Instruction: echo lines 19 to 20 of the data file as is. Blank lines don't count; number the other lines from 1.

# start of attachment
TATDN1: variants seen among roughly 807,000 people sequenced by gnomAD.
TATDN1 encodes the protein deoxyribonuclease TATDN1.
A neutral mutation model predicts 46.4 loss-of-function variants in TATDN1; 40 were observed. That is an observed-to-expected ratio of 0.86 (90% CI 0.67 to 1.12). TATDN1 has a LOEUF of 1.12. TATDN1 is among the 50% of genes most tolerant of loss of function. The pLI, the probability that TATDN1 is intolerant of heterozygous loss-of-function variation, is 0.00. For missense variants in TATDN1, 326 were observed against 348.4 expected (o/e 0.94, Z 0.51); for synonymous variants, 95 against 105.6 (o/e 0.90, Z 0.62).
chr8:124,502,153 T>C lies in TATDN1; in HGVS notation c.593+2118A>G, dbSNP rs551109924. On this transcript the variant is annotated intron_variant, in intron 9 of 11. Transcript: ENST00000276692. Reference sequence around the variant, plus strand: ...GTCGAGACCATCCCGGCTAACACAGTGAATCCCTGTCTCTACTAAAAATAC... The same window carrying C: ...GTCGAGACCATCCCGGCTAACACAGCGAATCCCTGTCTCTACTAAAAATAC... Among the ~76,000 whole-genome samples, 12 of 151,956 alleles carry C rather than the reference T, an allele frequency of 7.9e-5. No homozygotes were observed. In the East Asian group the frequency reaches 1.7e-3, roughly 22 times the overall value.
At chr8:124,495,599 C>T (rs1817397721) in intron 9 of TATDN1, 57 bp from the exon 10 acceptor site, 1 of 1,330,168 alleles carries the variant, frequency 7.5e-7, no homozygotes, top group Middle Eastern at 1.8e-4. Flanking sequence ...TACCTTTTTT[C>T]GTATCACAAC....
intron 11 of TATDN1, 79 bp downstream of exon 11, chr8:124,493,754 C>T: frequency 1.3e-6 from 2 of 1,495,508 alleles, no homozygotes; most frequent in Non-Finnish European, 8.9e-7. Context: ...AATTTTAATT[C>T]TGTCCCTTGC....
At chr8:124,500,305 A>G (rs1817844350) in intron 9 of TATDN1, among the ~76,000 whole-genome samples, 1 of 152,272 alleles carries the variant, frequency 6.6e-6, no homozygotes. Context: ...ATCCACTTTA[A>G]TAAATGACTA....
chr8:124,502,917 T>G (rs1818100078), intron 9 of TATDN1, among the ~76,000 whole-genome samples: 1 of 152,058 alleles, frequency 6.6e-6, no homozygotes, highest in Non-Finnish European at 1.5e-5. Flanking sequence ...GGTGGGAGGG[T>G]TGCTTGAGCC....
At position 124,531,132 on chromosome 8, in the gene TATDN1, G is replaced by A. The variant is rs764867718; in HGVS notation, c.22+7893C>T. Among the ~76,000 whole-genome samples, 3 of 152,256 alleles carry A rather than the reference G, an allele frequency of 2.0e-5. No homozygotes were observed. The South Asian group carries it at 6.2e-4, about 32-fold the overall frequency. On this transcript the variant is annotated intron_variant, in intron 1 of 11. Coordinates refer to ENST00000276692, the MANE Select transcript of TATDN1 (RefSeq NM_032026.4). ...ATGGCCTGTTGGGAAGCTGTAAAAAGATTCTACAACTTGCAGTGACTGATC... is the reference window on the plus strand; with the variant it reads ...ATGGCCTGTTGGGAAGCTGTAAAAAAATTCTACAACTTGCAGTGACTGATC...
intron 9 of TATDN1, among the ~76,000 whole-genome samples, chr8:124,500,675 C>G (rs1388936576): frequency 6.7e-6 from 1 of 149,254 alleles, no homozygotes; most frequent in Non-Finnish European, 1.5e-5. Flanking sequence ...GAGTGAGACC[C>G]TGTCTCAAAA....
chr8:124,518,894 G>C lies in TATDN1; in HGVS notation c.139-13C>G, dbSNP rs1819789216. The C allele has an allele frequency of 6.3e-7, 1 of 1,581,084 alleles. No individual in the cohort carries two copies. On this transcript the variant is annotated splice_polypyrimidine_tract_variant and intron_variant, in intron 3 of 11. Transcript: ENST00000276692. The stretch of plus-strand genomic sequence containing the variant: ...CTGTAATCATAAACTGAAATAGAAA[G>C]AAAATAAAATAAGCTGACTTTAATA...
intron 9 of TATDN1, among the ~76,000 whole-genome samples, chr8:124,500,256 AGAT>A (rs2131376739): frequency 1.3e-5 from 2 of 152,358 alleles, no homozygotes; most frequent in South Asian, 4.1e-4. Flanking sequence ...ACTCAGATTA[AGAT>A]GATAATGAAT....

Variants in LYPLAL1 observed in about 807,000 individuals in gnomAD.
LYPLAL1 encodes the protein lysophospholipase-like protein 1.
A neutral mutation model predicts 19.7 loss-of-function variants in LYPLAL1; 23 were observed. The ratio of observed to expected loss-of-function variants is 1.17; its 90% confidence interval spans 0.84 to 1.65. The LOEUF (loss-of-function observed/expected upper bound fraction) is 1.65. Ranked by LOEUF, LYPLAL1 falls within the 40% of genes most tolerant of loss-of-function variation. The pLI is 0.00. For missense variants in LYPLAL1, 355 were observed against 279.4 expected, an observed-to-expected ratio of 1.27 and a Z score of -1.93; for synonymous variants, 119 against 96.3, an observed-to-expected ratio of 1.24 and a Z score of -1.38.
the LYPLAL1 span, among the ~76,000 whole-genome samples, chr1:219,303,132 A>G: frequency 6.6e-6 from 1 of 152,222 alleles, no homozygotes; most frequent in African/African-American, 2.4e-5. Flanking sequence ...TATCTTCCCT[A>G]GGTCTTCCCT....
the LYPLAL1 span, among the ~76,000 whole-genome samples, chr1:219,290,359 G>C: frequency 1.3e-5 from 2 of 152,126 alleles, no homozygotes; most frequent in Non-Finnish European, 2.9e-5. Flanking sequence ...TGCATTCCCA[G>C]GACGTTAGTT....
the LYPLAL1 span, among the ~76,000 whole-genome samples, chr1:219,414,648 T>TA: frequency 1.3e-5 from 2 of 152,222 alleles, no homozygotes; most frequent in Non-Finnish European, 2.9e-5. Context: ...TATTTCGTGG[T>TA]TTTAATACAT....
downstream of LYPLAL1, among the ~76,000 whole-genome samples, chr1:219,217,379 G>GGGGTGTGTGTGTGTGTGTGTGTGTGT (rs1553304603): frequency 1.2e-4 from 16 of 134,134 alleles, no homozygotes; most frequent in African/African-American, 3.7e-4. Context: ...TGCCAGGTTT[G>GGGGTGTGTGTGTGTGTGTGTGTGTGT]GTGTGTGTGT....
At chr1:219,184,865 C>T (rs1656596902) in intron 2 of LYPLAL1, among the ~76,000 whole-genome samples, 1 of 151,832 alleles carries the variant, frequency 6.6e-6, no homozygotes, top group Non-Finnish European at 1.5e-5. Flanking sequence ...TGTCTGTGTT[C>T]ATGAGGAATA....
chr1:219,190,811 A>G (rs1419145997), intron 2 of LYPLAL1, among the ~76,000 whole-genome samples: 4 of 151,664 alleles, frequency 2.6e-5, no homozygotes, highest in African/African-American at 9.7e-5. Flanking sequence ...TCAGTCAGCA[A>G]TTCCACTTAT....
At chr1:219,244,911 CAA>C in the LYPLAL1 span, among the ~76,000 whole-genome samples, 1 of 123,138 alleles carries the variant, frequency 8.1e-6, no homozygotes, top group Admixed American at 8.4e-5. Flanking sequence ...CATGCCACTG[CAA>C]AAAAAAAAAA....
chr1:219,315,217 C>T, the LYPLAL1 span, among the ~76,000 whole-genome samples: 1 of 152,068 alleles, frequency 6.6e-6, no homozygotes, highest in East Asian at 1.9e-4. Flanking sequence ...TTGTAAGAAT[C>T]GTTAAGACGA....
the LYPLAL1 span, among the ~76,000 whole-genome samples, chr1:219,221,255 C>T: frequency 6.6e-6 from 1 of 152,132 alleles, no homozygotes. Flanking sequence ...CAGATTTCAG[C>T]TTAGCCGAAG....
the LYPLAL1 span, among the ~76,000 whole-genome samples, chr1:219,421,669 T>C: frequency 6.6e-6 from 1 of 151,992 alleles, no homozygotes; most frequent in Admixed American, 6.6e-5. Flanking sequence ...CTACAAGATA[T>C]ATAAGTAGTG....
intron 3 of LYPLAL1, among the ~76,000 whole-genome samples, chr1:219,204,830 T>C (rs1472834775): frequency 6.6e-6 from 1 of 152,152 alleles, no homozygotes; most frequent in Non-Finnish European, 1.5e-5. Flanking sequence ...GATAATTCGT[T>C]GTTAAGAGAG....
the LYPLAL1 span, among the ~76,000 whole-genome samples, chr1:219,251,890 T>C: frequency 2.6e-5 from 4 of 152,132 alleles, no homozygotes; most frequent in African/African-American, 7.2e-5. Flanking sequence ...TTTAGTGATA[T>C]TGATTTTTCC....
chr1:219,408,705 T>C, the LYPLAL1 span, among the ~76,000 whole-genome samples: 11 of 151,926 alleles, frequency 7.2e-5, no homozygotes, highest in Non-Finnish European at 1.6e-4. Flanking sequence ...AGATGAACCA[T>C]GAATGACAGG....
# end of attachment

downstream of LYPLAL1, among the ~76,000 whole-genome samples, chr1:219,217,379 G>GGGGTGTGTGTGTGTGTGTGTGTGTGT (rs1553304603): frequency 1.2e-4 from 16 of 134,134 alleles, no homozygotes; most frequent in African/African-American, 3.7e-4. Context: ...TGCCAGGTTT[G>GGGGTGTGTGTGTGTGTGTGTGTGTGT]GTGTGTGTGT....
At chr1:219,184,865 C>T (rs1656596902) in intron 2 of LYPLAL1, among the ~76,000 whole-genome samples, 1 of 151,832 alleles carries the variant, frequency 6.6e-6, no homozygotes, top group Non-Finnish European at 1.5e-5. Flanking sequence ...TGTCTGTGTT[C>T]ATGAGGAATA....